Someone Make This: HomeSpace
About ten years ago, I had a stunning revelation. It happened, as all important revelation necessarily do, while I was sitting on my porcelain throne. I had just finished a mission in Homeworld prior to my engagement with the porcelain throne and had thoroughly trounced the opposing fleet. I found myself daydreaming and imagining myself in the position of a fighter pilot blasting alien ships out of space. That’s when I realized that I had transposed the Freespace universe into the Homeworld universe. If you have played both of these games, then I may have just blown your mind. Enter HomeSpace.
If you talk to space game fans, chances are they have heard of Homeworld and Freespace. These exceptional titles took space games to whole new levels of strategy and playability, albeit in two very different genres.
Dog-fighting in space is just about the most satisfying game experiences I have ever had. Freespace took the foundations of Wing Commander and various other dog-fighting space simulators and created something that expanded and improved the genre in every way imaginable. In fact, the Freespace series was so spectacular that it holds up well even today. There is a large modding community that keeps the Freespace series looking good and up-to-date.The source code for Freespace was released a while back, so the modders have been able to do amazing things with keeping the game modern. Freespace 2 was released in 1999. There hasn’t been another Freespace game since then.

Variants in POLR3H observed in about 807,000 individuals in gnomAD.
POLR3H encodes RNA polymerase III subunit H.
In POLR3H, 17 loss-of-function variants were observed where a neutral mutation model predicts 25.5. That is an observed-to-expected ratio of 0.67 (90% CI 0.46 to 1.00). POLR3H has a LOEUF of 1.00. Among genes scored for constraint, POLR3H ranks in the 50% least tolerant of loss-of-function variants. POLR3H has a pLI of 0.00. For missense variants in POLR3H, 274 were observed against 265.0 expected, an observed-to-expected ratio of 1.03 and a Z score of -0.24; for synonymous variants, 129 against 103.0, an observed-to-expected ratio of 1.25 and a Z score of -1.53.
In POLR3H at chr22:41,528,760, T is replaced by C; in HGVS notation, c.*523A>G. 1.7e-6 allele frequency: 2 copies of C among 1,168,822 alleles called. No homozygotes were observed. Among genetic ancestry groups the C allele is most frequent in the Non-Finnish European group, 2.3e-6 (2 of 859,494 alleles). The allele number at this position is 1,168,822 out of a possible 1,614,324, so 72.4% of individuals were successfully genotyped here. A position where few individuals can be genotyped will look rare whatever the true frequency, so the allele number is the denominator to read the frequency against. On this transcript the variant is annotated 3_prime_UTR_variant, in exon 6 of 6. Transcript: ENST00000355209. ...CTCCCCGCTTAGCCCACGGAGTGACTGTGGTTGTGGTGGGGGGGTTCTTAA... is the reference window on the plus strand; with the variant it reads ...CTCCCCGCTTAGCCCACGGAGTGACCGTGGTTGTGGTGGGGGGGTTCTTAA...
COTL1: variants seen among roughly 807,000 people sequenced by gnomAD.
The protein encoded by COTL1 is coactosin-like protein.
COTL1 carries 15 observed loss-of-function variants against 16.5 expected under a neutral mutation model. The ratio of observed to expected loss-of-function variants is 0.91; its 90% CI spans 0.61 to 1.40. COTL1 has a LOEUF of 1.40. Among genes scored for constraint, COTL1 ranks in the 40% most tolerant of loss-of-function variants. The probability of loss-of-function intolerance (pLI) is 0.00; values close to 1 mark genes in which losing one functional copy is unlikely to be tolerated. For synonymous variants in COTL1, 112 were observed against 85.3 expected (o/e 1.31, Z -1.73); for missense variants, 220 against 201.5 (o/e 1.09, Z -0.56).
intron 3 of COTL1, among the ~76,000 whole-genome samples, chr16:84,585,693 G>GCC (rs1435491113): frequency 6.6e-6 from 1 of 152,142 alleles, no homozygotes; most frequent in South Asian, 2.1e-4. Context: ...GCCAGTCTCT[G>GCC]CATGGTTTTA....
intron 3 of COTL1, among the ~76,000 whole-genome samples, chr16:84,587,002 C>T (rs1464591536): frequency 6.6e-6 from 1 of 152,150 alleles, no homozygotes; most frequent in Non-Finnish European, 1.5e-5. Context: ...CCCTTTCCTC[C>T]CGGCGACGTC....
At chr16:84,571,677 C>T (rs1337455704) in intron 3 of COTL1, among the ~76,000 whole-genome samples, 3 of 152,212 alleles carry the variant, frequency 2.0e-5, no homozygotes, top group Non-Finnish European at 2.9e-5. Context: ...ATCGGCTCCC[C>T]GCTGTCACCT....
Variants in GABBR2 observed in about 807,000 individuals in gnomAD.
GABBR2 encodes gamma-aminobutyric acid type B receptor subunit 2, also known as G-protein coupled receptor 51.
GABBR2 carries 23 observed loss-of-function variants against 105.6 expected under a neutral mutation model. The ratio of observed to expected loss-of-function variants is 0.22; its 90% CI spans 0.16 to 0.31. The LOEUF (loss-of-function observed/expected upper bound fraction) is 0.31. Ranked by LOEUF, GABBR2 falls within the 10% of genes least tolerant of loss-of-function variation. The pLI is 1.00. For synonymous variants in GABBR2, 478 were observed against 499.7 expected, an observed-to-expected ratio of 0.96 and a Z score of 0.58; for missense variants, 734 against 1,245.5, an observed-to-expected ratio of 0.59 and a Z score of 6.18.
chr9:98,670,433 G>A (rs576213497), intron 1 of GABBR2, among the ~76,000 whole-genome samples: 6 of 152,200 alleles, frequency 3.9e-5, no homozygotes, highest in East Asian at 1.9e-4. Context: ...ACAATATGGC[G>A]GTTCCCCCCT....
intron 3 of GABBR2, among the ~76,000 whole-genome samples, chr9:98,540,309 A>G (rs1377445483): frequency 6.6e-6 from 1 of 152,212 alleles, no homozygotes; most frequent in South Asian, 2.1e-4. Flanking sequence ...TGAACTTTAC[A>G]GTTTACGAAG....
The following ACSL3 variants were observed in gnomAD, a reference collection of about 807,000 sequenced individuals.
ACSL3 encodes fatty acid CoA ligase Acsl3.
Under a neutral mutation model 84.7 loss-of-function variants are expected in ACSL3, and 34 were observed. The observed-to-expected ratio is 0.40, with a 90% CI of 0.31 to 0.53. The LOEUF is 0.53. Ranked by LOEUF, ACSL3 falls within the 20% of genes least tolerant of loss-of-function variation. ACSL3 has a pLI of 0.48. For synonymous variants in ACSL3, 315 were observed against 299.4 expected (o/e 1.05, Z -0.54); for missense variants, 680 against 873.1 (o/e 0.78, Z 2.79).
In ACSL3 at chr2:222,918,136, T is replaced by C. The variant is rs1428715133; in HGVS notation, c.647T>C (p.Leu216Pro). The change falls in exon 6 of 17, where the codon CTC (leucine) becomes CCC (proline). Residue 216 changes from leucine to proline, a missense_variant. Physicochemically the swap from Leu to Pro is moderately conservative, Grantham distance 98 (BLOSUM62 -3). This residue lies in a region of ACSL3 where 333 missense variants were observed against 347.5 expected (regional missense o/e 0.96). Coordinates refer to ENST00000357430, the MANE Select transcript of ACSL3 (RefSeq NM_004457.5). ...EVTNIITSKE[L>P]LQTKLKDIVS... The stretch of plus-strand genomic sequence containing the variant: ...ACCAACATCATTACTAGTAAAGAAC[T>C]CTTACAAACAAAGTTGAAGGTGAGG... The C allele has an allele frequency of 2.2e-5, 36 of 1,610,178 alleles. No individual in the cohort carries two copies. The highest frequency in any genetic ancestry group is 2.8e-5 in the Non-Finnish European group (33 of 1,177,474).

In Freespace, you take on the role of a fighter pilot based on a larger ship. And when I say large, I mean huge. The scale of ships in Freespace was impressive for its time. I still have a great time with the game as I fly my fighter across the bow of a massive capital ship. Throughout the campaign, you gain access to new fighter and bombers as well as armaments. You can outfit yourself to be a capital ship killer, a dogfighter, or something in between.
The space battles in Freespace are gorgeous and extremely fun. You control exactly how your ship moves, including speed, shields, and weapons. The visuals are beautiful and the audio is stellar. You can communicate with ships in your squad and others through a sort of radio menu. It takes a little getting used to, but soon you will be commanding your squadmates to give you cover or to guard specific targets. One of my favorite things to do in the game is destroy the many subsystems on larger ships. Weapons, engines, and various other subsystems can be destroyed by direct fire, making for varied strategic gameplay.
Controlling an entire fleet of ships in true 3D can be a major pain, but somehow the Homeworld series managed to get everything right. Homeworld controls and plays in many ways like a standard RTS game. But many players have a hard time coming to terms with one fact: the enemy can come at you only from the four cardinal directions and everything in between, but from above and below as well. Depending on how well you get the hang of Homeworld, it can be strategic heaven or confusing as hell. The learning curve is rather high, but totally worth it. Homeworld was released in 1999. Homeworld 2 was released in 2003. There hasn’t been another Homeworld since then.
In Homeworld, you control a mothership that can manufacture smaller vessels. As you increase your tech levels and build new subsystems for your mothership, you be able to build larger and more advanced ships. You start out only being able to build fighters, bombers, and utility vessels like resource gatherers. Eventually, you will be able to build carriers, destroyers, and battlecruisers.
While the gameplay in Homeworld is excellent, the story is what really shines. Relic Entertainment created a unique universe that is full of lore and just begging to be explored. I don’t want to spoil it for those who haven’t played, but the story begins as your homeworld is laid to waste. Watching your homeworld burn is a disturbing moment and moved me to a level of emotion I have felt in only a handful of video games.